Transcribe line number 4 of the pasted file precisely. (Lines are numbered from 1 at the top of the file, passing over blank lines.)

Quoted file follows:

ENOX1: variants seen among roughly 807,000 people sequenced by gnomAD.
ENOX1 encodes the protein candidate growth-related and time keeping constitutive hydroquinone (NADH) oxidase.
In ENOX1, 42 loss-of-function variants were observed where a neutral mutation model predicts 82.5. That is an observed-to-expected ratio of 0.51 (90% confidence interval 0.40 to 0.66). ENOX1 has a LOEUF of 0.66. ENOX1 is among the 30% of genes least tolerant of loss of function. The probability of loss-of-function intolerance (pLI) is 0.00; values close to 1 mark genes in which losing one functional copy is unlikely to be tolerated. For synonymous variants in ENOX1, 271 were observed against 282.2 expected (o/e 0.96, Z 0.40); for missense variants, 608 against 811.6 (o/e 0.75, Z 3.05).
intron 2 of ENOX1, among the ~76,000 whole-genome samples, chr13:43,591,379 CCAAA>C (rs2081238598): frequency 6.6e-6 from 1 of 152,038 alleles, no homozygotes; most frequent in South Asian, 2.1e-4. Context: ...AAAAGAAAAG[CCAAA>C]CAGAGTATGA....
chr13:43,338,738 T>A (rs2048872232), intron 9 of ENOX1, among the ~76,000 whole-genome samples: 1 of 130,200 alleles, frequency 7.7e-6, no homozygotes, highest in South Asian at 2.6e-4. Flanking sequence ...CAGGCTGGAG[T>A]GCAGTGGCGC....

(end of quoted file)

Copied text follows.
intron 2 of ENOX1, among the ~76,000 whole-genome samples, chr13:43,591,379 CCAAA>C (rs2081238598): frequency 6.6e-6 from 1 of 152,038 alleles, no homozygotes; most frequent in South Asian, 2.1e-4. Context: ...AAAAGAAAAG[CCAAA>C]CAGAGTATGA....